Redefining Gold as a Long-Term Asset

Mining investments can be profitable and beneficial across communities of the rich and the poor. However, not many people know about this information surrounding gold and gold mining. Thus, we are here to redefine gold’s ESG credentials as a quality and long-term asset. Read on to learn more.

The Establishment Higher Standards

Large-scale mining firms today follow stricter environmental, social, and governance standards than in the past. The Responsible Gold Mining Principles formalize these standards by establishing a stringent and comprehensive set of requirements for the gold mining industry’s core ESG areas. Water management, climate change, community participation, Indigenous Peoples, human rights, gender equality, and tax transparency are all important concerns to solve. Members of the World Gold Council are required to follow the RGMPs, and non-members are beginning to do so.

Independent verification is required for business performance to be transparent and credible. Third-party oversight will distinguish these Principles and guarantee the market that the commodities were obtained ethically.

The Benefits for Disadvantaged Communities

Because of its global reach, the gold industry is particularly positioned to aid the world’s poorest and most isolated people.

Many people outside of the mining business believe that communities do not want mining. However, attitudes toward mining have shifted. The industry is well-regulated, and enterprises act ethically, providing benefits not found anywhere else. Communities are more open to new mines when firms limit negative impacts and communicate respectfully.

Locals can regularly revoke a company’s “social license to operate,” putting non-compliant businesses out of business. Because businesses are aware of this, they prioritize being good neighbours.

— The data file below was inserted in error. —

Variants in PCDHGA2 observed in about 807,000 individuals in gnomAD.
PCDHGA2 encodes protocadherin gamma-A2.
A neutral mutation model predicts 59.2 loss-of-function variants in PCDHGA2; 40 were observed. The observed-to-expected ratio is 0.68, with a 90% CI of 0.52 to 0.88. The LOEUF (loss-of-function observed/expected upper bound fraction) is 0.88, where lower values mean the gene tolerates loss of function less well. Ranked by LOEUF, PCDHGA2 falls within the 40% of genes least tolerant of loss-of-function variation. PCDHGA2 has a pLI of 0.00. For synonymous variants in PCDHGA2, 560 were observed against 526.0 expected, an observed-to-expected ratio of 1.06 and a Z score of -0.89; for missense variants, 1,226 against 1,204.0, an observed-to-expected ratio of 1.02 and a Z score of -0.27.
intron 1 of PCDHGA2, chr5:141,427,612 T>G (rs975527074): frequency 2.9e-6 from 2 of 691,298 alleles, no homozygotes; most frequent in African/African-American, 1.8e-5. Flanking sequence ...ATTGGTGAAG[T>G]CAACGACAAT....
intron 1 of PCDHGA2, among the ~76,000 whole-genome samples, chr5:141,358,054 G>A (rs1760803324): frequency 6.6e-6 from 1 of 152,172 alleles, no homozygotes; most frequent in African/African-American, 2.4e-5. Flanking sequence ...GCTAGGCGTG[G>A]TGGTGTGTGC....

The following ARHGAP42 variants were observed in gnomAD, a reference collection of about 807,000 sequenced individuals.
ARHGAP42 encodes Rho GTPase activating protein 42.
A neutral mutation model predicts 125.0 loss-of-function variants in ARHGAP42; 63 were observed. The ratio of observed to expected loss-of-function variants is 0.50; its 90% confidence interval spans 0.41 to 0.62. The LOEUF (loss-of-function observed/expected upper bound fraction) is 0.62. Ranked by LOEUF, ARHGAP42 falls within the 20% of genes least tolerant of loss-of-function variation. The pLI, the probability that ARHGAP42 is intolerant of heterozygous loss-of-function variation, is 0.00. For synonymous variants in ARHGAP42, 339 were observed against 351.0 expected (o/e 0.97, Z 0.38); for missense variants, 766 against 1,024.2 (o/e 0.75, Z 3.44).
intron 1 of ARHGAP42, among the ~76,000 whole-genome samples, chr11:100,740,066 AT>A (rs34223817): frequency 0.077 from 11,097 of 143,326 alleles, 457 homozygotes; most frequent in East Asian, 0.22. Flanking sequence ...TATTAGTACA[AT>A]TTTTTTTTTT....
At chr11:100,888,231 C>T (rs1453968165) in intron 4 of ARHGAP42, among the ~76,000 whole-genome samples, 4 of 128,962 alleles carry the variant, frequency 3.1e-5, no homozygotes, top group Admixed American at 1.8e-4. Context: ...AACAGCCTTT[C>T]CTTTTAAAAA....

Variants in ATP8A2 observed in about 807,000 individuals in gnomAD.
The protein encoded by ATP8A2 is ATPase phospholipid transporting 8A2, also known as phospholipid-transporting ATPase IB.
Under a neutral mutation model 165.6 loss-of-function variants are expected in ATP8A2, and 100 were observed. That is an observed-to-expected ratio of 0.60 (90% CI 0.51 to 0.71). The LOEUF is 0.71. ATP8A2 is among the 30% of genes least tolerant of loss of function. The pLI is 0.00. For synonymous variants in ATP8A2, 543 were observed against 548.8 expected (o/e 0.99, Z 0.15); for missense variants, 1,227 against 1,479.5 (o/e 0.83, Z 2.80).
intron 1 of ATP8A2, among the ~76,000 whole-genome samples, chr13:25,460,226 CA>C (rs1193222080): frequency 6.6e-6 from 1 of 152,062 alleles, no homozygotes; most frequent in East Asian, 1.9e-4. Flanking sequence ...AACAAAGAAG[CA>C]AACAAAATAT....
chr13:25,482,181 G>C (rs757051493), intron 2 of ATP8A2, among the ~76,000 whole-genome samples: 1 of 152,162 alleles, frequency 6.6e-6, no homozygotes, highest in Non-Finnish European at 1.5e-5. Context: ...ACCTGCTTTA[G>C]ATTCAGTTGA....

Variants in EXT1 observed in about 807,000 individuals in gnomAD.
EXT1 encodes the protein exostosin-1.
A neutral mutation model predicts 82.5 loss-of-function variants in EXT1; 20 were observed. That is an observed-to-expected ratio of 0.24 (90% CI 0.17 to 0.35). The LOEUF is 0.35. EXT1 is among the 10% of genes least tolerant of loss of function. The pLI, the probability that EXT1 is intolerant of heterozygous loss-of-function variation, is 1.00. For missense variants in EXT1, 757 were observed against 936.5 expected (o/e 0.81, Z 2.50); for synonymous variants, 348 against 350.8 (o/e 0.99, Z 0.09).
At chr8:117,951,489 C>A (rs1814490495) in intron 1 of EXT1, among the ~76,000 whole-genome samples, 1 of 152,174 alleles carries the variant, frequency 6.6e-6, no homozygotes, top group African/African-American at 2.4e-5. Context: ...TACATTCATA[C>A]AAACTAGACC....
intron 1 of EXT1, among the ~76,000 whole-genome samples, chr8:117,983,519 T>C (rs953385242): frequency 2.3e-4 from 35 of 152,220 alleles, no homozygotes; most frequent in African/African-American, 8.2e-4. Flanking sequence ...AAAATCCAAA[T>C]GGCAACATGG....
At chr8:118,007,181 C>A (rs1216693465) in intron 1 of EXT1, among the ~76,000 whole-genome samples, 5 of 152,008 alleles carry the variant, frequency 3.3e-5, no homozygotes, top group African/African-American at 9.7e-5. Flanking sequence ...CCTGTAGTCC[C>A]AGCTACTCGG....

Mines are important to communities because they provide jobs, tax money, and social investment. The mining industry has helped the economies of many countries expand and thrive. It has the potential to produce great wealth while also discouraging young people from leaving rural communities for metropolitan ones. A gold mine can be the engine of economic and social development in isolated, impoverished African, Canadian, Peruvian, or Australian villages.

Consider mining to be an industry that “adds value” to impoverished countries and communities in ways that other industries cannot. Natural resource extraction may develop social and human capital. Businesses can strengthen governance standards and capacity building by integrating new technology and adhering to the best international environmental and social practices.

The Minimal Carbon Impact

Emerging data suggests that gold can reduce a portfolio’s carbon footprint over time. In comparison to many other industries, the gold industry’s decarbonization choices are fast expanding and approaching the size and cost-effectiveness required for widespread adoption. Electric fleets, renewable energy sources, automated equipment, precise mining, and artificial intelligence will significantly reduce the industry’s carbon impact over the next 10 to 20 years. Within a generation, carbon-neutral mining might be attained.

Many of the technologies will not only reduce CO2 emissions but will also reduce resource utilization, including land, water, and garbage, and make mining much safer. Mining will be less extensive in the future.

In comparison to other extractive industries that burn or substantially process their products, gold mining emits very little CO2 beyond the mine site. Gold is completely recyclable.


Gold as part of a responsible investing strategy may appear counterintuitive, but investors and consumers should reconsider gold’s ESG credentials and ability to have large-scale good effects.

Gold mining has advanced significantly over the last two decades while overseeing environmental, social, and governance concerns. It has the unique ability to serve a social function and aid society, as well as contribute to a low-carbon future through decarbonized operations or emission-reducing gold-based technology.

Mining has the potential to develop both human and societal capital, giving opportunities and giving responsibilities at the same time. If carried out successfully, it has the potential to transform lives and generations.
Do you want to learn more about the Canadian gold sector? Newfoundland Gold is here to guide you through the country’s mineral exploration and mining projects. Get in touch with us today to learn more!